During today’s keynote, OIF’s Jonathan Bryce, executive director, and Collier will be joined by Amar Padmanabhan, software engineer at Facebook, who will share how opening up infrastructure for connectivity has the potential to bring more people online around the world. They will be followed by Boris Renksi, founder of FreedomFi, who will walk the audience through the process of building up a wireless network using off-the-shelf components and open source software.

In tomorrow’s Open Infrastructure Summit keynotes, OpenInfra Labs will be announced as the newest pilot project of the OIF. OpenInfra Labs is making it easier for users to consume and operate clouds constructed from a rich set of open source projects. It is built on an initial use case of the Mass Open Cloud (a collaboration between Boston University, Harvard, MIT, Northeastern, UMass, industry partners and the Commonwealth of Massachusetts), a real-world platform delivering open source projects as services. The community has created a collaboration to develop tools and spaces to produce results, increase visibility of requirements within and across open source communities, and accelerate progress in closing the gaps to enable open source projects to be integrated into reproducible clouds that can be federated together.

“Open source is the foundation for all clouds today, but there are numerous gaps that someone standing up a fully open source production cloud needs to bridge,” said Orran Krieger, principal investigator, Mass Open Cloud & Boston University. “OpenInfra Labs is helping bridge the gap between operators and developers, enabling a community for operators to share their knowledge, providing open source developers real visibility into how their stuff is used, and creating a path for the open source community to take full advantage of the agility that public clouds and cloud users have achieved with DevOps. We imagine a day when a patch to your open source project goes through CI/CD, is tested with real users in an hour, and then is rolled out to hundreds of private and public clouds across the world in a day.”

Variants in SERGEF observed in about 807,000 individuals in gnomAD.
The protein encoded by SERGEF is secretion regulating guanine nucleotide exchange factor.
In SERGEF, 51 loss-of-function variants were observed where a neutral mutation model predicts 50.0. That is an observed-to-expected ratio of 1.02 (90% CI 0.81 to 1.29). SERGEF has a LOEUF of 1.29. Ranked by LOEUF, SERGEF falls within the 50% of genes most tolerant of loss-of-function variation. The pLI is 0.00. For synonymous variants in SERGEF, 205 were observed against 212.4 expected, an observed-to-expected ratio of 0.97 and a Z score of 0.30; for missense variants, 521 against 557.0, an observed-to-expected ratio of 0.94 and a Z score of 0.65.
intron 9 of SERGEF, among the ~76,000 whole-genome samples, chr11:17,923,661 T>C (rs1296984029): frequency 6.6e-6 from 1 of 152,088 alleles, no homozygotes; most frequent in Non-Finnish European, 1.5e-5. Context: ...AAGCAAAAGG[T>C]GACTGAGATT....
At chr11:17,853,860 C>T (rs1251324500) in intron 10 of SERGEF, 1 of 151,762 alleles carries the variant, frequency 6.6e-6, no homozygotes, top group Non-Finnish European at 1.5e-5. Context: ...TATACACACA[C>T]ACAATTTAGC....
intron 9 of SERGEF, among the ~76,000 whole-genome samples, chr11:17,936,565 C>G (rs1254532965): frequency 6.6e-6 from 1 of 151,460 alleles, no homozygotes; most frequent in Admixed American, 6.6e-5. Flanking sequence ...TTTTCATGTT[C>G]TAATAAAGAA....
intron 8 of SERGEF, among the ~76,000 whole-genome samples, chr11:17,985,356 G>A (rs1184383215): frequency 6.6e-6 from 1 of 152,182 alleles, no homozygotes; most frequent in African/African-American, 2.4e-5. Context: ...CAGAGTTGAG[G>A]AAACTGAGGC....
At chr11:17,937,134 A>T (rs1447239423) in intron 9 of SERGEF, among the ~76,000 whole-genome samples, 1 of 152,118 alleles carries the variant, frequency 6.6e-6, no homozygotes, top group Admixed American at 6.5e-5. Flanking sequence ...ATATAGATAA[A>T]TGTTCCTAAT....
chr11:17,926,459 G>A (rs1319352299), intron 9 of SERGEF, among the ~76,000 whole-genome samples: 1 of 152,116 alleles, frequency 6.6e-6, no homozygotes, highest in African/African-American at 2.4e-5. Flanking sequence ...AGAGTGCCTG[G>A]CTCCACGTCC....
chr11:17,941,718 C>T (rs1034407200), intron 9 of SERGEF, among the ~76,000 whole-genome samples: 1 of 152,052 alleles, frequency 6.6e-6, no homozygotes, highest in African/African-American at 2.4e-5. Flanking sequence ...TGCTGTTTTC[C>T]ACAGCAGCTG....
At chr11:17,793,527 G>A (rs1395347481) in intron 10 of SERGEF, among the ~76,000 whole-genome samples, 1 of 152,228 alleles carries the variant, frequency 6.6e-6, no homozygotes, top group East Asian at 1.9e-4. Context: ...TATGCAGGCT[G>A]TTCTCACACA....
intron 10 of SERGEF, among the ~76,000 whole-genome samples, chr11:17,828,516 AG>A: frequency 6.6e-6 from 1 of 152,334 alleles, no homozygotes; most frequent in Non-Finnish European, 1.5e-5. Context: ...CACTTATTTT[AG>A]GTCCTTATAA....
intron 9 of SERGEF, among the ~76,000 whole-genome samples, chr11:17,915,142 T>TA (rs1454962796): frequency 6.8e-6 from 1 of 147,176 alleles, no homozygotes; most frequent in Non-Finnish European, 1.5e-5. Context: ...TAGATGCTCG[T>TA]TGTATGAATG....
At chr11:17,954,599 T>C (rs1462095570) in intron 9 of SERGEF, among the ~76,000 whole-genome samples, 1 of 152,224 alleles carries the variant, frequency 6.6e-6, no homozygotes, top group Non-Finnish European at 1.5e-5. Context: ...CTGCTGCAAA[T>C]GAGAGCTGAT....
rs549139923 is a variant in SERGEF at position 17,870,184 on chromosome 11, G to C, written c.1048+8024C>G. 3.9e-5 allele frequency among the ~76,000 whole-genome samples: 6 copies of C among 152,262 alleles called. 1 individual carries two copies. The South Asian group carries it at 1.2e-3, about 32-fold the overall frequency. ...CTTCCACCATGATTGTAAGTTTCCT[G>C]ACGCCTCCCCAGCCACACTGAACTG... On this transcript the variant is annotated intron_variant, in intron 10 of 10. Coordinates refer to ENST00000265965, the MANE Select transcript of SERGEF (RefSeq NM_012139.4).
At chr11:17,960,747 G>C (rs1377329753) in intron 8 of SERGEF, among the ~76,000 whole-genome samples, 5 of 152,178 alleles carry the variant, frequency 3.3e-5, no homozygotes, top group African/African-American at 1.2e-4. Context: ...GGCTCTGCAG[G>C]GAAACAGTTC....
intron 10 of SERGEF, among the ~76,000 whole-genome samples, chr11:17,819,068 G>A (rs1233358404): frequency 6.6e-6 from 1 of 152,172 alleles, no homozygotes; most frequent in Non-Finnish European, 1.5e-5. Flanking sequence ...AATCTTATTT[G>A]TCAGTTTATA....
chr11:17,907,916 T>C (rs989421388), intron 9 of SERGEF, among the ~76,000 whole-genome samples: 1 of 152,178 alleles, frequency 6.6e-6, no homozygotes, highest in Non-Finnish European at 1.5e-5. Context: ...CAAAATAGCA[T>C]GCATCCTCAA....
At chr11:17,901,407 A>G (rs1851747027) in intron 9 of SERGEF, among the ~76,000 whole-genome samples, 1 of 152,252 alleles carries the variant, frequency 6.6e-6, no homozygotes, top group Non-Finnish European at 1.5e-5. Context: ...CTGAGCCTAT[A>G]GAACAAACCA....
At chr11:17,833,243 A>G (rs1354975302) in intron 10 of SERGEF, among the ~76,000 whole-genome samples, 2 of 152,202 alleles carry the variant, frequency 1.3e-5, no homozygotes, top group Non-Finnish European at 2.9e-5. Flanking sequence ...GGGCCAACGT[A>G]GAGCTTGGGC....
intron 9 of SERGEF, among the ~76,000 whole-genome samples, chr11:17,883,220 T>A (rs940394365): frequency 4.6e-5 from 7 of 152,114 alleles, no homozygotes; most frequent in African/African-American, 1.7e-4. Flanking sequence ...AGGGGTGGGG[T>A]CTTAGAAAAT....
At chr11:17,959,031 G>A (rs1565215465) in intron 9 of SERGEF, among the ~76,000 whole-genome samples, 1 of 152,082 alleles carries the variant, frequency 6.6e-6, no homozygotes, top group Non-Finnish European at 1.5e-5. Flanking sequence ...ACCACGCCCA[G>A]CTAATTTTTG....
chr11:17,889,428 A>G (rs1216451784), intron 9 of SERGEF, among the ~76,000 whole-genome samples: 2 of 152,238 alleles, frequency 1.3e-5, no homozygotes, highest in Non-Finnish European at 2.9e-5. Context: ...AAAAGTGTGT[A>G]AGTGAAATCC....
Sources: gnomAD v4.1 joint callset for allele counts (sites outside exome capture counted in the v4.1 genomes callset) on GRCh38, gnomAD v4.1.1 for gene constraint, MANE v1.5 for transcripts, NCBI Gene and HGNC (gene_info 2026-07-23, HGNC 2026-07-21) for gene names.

OIF: The Home of Open Infrastructure

OpenStack software has flourished in the last decade, becoming one of the Top 3 most actively developed open source software projects in the world, along with the Linux kernel and Chromium. Along the way, the Foundation expanded its mission to establish new open source communities with a focus on building software that runs in production across the world and addressing numerous emerging use cases, including AI/ML; CI/CD; container infrastructure; edge computing; and public, private and hybrid Clouds. The OIF also nurtures cross-community collaboration with other open source communities like Ansible, Ceph, Gerrit, Kubernetes, rust-vmm and more. This evolution transformed the OSF into OIF, the home of open infrastructure.

OIF’s Vision for Open Infrastructure: Access to All

In their keynote presentation at the virtual Open Infrastructure Summit today, Bryce and Collier shared a vision for open infrastructure, describing a world where access to infrastructure is available to all.

Bryce described four factors impacting the OIF’s prioritization of resources and community participation:

  • More open source components to build, integrate and test.
  • Hardware diversification in compute, storage and networking architectures, including GPUs, FPGAs and ARM servers to meet performance, economic, latency and power requirements.
  • Deployment models in data centers, edge computing and IoT, ranging from small to hyperscale environments.
  • Global government regulations, including data sovereignty and privacy.

About the Open Infrastructure Foundation

The Open Infrastructure Foundation (OIF) builds communities that write open source infrastructure software that runs in production. With the support of over 100,000 individuals in 187 countries, the OIF hosts open source projects and communities of practice, including infrastructure for AI, container native apps, edge computing and datacenter clouds.

[1]Sources: 451 Research: “Open Source Cloud Platforms Market Monitor: OpenStack,”

(September 2019), and Gartner press release (July 28, 2020)

[2]Source: Synopsys: 2020 Open Source Security and Risk Analysis Report